Ricardo Velasco is a social documentarian working at the interface between cultural and memory studies, and visual anthropology. His research encompasses violence, trauma, human rights, and transitional justice in contemporary Colombia. Ricardo’s work has focused on the ethical and political implications of the use of audiovisual media for the construction of historical memory and in the political potential of the uses of new media technologies among organizations of victims of the Colombian armed conflict. As a fellow of the Human Rights Center at the University of California, Berkeley, (2013–2014) he produced the documentary “After the Crossfire: Memories of Violence and Displacement,” a testimonial account of the emergence and escalation of the armed conflict in the north Pacific Coast of Colombia. He is currently pursuing a PhD in the Teresa Lozano Long Institute for Latin American Studies (LLILAS) at The University of Texas at Austin. His academic merits include a MA in Social Documentation from the University of California, Santa Cruz, and a MA in Cultural Studies from Universidad de Los Andes in Bogotá, Colombia.
Velasco conducted fieldwork in Isla Grande, Islas del Rosario, Colombia, between June and August of 2018, focusing on the project Sustainable Settlements for Peace, a collaboration between the grassroots organization CASA (Council for Sustainable Settlements of Latin America) and the Foundation Mentes en Transicion, with the Council of Black Communities of Islas del Rosario. Mentes en Transicion and CASA actively promote sustainability through action-based projects with civil society initiatives in Colombia, focusing strongly on the promotion of social and environmental justice. Their initiative Sustainable Settlements for Peace aims to empower historically marginalized communities to achieve their goals of autonomy and sustainable development, and to contribute to the construction of peace in rural Colombia by leveraging local knowledges and sharing practical skills for sustainability and peaceful coexistence. Its implementation in Isla Grande has included different pedagogical and community engagement processes with agroecology and conflict resolutions workshops, as well as organizational efforts for improving an eco-tourism model developed by local families. Despite the fact that the granting of a collective land titled to the community in 2014 – after a decade of legal struggles led by the local council – has created an organization process resulting in a cohesive social program for autonomous development, the community still faces many challenges in a contexts of state neglect. Basic needs remain unsatisfied, including proper health center, water and electricity, waste management systems, technical education, amongst others. Ricardo’s research aims at documenting the impact the initiative is having within the community and how it is mobilizing the potential of local human and natural resources, and the funding opportunities opened by the transitional justice conjuncture. He will explore the potential of the initiative for revitalizing community ties and creating inclusive opportunities for sustainable economic development in Isla Grande, as well as a culture of peace and solidarity.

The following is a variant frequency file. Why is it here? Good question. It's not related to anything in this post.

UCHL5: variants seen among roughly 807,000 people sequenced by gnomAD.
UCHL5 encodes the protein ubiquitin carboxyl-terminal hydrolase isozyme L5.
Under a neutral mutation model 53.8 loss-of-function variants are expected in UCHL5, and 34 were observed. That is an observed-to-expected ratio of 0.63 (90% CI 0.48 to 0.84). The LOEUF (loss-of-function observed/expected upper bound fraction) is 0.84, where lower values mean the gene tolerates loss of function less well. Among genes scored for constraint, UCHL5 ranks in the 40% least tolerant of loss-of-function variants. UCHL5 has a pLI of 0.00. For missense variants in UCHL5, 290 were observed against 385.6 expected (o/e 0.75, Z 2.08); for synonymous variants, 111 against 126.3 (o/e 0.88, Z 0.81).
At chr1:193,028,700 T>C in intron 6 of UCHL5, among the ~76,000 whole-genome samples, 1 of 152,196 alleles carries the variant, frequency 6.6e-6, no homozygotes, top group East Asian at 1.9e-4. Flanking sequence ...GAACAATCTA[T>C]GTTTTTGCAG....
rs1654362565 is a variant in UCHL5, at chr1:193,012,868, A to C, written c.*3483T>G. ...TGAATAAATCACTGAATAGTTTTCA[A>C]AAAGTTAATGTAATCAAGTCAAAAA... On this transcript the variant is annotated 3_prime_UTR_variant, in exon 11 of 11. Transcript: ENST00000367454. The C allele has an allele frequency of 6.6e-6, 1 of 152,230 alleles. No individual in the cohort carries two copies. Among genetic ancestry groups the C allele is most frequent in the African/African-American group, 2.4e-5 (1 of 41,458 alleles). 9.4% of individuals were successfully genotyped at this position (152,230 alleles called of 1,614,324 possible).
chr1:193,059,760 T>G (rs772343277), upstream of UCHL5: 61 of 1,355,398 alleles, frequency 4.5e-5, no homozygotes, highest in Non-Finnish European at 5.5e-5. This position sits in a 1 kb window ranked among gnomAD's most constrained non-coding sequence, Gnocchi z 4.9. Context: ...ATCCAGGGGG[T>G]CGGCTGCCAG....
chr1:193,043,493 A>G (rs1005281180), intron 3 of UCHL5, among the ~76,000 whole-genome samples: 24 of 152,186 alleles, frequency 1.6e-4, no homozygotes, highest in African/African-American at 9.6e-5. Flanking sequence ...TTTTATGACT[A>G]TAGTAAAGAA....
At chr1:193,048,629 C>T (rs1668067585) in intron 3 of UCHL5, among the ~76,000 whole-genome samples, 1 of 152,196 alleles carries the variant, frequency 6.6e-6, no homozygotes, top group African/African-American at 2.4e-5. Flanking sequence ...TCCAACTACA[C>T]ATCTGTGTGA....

Ricardo has included this initiative as a case study for his dissertation “Cultural Ecologies of Symbolic Reparation in Transitional Colombia”, which explores the links between cultural initiatives, sustainability programs, reparation and reconciliation, particularly among black communities and other ethnic minorities in rural areas of Colombia where state neglect and forced displacement have deepened historical social inequalities and marginalization. Through this case study, Ricardo aims to understand how practices of peace and reconciliation can produce new articulations of social and human rights mobilizations among ethnic minorities to promote inclusion, social and environmental justice.